Northwest Avalanche Center NWAC, Northwest Avalanche Center

Mt Hood Avalanche Forecast

Jan 12th, 2020 10:14AM

The alpine rating is high, the treeline rating is considerable, and the below treeline rating is considerable. Known problems include Wind Slabs and Storm Slabs.

Very dangerous avalanche conditions will continue as strong west winds load the same aspects at mid and upper elevations. Choose lower angled slopes and avoid lingering in canyons connected to large avalanche slopes on the upper mountain.  

Summary

Discussion

Human triggered and natural avalanches were reported over the weekend near and below treeline as the snow piled up. Observations were limited from above treeline due to storm conditions. While the new snow should ease on Monday, expect strong west winds to maintain very dangerous avalanche conditions on the upper mountain. 

After significant storm totals in the past week, deep snow alone can be dangerous. Deep snow around tree-wells and open creeks can pose a hazard for suffocating. Make sure to travel with a partner and to be aware of the danger (www.deepsnowsafety.org). Also, be prepared for the coldest temperatures of the winter over the next several days.

Snowpack Discussion

January 12th update: In the past week, there have been two fatal avalanche accidents to the east of NWAC's forecast area. One occurred near Kellog, ID and another outside of Baker City, OR. Local avalanche centers will perform accident investigations including final reports. You can find preliminary accident information at avalanche.org.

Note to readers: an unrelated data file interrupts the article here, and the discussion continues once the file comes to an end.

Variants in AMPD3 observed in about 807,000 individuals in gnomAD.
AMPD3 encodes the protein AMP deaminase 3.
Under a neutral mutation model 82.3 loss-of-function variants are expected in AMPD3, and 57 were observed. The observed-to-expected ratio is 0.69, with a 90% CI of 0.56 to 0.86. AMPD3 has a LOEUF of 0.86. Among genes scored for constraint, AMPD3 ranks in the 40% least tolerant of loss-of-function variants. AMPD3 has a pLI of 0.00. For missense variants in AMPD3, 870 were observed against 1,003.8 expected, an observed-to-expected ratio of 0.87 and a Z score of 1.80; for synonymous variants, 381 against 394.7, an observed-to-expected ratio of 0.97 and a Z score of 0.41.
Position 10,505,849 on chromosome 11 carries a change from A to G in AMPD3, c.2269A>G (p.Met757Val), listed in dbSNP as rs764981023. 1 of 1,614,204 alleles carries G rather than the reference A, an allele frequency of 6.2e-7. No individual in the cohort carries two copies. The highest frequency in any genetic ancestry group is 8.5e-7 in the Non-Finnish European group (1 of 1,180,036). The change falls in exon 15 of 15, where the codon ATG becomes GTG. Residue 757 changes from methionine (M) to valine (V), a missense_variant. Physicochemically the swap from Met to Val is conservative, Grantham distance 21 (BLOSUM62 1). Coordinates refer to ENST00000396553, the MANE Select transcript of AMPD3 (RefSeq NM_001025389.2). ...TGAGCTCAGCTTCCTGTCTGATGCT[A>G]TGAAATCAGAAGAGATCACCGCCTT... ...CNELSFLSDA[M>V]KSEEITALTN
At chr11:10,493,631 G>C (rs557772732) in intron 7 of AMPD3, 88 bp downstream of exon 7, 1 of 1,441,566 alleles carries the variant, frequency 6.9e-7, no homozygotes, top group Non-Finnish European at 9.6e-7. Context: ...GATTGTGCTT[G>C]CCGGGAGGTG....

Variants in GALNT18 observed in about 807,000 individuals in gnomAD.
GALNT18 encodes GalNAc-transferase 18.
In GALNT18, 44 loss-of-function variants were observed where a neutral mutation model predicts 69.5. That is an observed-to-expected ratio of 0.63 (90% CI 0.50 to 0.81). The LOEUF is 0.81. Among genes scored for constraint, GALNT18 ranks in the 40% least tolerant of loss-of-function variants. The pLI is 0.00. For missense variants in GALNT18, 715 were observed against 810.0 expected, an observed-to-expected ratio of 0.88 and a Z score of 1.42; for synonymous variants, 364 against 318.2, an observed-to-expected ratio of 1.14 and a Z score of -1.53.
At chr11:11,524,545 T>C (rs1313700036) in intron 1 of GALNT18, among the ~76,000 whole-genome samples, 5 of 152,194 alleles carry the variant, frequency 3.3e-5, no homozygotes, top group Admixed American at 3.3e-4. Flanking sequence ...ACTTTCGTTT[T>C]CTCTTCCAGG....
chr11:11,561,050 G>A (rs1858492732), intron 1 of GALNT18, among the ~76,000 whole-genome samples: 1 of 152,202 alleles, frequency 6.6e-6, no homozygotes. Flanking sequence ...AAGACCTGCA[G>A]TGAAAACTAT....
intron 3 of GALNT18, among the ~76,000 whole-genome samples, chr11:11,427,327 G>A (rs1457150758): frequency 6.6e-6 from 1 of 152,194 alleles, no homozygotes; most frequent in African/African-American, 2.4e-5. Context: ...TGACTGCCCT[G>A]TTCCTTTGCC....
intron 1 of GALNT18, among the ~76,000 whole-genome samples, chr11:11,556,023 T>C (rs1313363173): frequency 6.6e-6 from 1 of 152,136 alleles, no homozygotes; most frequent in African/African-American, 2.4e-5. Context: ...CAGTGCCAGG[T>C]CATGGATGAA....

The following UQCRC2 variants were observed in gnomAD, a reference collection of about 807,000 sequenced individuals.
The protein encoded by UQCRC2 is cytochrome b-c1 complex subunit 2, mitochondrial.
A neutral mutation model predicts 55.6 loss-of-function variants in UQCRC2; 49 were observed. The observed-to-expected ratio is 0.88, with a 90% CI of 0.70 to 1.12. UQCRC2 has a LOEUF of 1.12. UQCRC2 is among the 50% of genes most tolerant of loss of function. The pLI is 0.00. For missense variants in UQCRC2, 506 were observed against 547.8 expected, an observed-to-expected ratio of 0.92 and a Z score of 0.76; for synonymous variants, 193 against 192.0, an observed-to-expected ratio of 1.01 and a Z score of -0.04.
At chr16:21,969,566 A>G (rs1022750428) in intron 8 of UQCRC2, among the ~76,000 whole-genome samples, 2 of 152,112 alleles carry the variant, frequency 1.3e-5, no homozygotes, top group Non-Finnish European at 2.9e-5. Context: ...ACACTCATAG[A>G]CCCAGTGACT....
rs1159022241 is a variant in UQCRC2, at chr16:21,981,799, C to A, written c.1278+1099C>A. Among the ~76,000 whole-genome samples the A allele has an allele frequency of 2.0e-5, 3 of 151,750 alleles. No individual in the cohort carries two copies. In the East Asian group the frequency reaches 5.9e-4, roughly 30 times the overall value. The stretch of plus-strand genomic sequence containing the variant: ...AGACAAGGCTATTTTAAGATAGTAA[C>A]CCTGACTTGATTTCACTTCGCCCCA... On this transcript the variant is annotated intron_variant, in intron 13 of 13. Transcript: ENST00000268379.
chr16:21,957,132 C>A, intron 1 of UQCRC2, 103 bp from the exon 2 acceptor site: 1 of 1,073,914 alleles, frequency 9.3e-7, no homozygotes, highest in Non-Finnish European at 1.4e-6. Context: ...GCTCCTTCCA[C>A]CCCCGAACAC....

January 9th, 2020 (The regional synopsis is updated every Thursday @ 6 pm)

As we said Happy New Year and rang in 2020, snow was turning to rain at many trailheads and lower elevation Passes, not exactly the fresh start winter recreationalists had in mind. The snowpack was already looking a little thin throughout the region, especially at lower elevations. Low snow in places like Snoqualmie Pass made backcountry travel difficult and hazardous.  NWAC’s snow depth climatology report was showing snow depths 25-64% of normal to kick off the start of 2020.

Things can change quickly in the Pacific Northwest and they did as we entered an extended storm cycle between January 2nd to January 8th. Strong winds, fluctuating temperatures, and heavy precipitation offered few breaks in the weather over this period limiting observations and hampering travel. Despite periods of rain at lower elevations, most areas saw several feet of new snow with big jumps in total snow depths as a westerly storm track strongly favored the West Slopes of the Cascades and the Olympics for the highest precipitation totals.

Location

Total Snow Depth (in) 1/2/20

Total Snow Depth (in) 1/8/20

Hurricane Ridge

31

51

Heather Meadows Mt Baker

55

95

Washington Pass

49

74

Stevens Pass

41

63

Snoqualmie Pass

22

33

Alpental mid-mountain

44

63

Crystal Mt Green Valley

40

66

Paradise Mt Rainier

54

105

White Pass Upper

43

69

Timberline

36

57

Mt Hood Meadows

36

53

 

We may have started with a shallow snowpack, but most locations increased their snowpack by 70% or more over this storm cycle!

During this extended and impressive storm cycle that included backcountry avalanche warnings, natural avalanches were reported in many areas Jan 6th-7th.

The Stevens Pass area was especially active over the period with over 100(!) avalanche observations made on the 6th and 7th. Professionals reported numerous avalanches in places that they hadn't previously observed avalanches and some paths avalanched multiple times in a 24 hour period. Observers reported a few very large (size D2.5-3) avalanches, originating at upper elevations with deeper crowns that likely formed from wind drifting. Topping off an active couple of days, warming temperatures lead to a widespread loose wet avalanche cycle.

The southern Washington Cascades, the Wentachee Mountains and Mt. Hood either saw less precipitation, warmer temperatures leading to more rain than snow, or some combination of the two and ended up with relatively less active avalanche conditions than areas further north.